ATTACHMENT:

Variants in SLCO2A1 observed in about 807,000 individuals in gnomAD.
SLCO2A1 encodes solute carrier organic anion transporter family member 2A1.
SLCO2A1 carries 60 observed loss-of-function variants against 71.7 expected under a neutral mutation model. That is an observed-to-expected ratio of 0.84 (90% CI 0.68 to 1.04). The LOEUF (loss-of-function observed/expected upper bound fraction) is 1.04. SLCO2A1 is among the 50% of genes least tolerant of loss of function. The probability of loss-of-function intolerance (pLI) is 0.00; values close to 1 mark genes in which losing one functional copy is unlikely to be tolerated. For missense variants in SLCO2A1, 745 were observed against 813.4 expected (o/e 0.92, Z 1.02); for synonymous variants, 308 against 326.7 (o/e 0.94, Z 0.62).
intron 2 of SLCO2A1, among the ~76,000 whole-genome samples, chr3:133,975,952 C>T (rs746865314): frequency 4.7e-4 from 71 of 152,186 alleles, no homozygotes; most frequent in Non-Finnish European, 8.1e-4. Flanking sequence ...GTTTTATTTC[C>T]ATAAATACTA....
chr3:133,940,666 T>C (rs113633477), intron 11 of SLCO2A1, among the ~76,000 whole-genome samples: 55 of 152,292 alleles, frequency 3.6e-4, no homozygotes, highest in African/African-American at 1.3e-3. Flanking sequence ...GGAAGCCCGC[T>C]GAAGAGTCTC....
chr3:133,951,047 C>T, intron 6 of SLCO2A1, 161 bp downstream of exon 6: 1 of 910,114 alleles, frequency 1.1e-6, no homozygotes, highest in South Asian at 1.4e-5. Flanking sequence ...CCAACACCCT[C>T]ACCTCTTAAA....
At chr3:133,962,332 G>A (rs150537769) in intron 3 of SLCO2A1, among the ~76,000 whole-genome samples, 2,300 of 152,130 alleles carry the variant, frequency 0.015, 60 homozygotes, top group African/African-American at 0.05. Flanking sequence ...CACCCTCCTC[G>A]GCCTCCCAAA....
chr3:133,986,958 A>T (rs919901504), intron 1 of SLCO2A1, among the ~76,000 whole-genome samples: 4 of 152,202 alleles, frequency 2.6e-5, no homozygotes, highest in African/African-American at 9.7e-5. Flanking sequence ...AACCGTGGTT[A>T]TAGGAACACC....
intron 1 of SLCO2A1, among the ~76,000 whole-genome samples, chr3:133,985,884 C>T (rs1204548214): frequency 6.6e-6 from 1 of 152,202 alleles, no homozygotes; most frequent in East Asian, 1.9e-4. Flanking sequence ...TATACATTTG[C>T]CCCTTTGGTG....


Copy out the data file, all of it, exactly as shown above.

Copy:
Variants in SLCO2A1 observed in about 807,000 individuals in gnomAD.
SLCO2A1 encodes solute carrier organic anion transporter family member 2A1.
SLCO2A1 carries 60 observed loss-of-function variants against 71.7 expected under a neutral mutation model. That is an observed-to-expected ratio of 0.84 (90% CI 0.68 to 1.04). The LOEUF (loss-of-function observed/expected upper bound fraction) is 1.04. SLCO2A1 is among the 50% of genes least tolerant of loss of function. The probability of loss-of-function intolerance (pLI) is 0.00; values close to 1 mark genes in which losing one functional copy is unlikely to be tolerated. For missense variants in SLCO2A1, 745 were observed against 813.4 expected (o/e 0.92, Z 1.02); for synonymous variants, 308 against 326.7 (o/e 0.94, Z 0.62).
intron 2 of SLCO2A1, among the ~76,000 whole-genome samples, chr3:133,975,952 C>T (rs746865314): frequency 4.7e-4 from 71 of 152,186 alleles, no homozygotes; most frequent in Non-Finnish European, 8.1e-4. Flanking sequence ...GTTTTATTTC[C>T]ATAAATACTA....
chr3:133,940,666 T>C (rs113633477), intron 11 of SLCO2A1, among the ~76,000 whole-genome samples: 55 of 152,292 alleles, frequency 3.6e-4, no homozygotes, highest in African/African-American at 1.3e-3. Flanking sequence ...GGAAGCCCGC[T>C]GAAGAGTCTC....
chr3:133,951,047 C>T, intron 6 of SLCO2A1, 161 bp downstream of exon 6: 1 of 910,114 alleles, frequency 1.1e-6, no homozygotes, highest in South Asian at 1.4e-5. Flanking sequence ...CCAACACCCT[C>T]ACCTCTTAAA....
At chr3:133,962,332 G>A (rs150537769) in intron 3 of SLCO2A1, among the ~76,000 whole-genome samples, 2,300 of 152,130 alleles carry the variant, frequency 0.015, 60 homozygotes, top group African/African-American at 0.05. Flanking sequence ...CACCCTCCTC[G>A]GCCTCCCAAA....
chr3:133,986,958 A>T (rs919901504), intron 1 of SLCO2A1, among the ~76,000 whole-genome samples: 4 of 152,202 alleles, frequency 2.6e-5, no homozygotes, highest in African/African-American at 9.7e-5. Flanking sequence ...AACCGTGGTT[A>T]TAGGAACACC....
intron 1 of SLCO2A1, among the ~76,000 whole-genome samples, chr3:133,985,884 C>T (rs1204548214): frequency 6.6e-6 from 1 of 152,202 alleles, no homozygotes; most frequent in East Asian, 1.9e-4. Flanking sequence ...TATACATTTG[C>T]CCCTTTGGTG....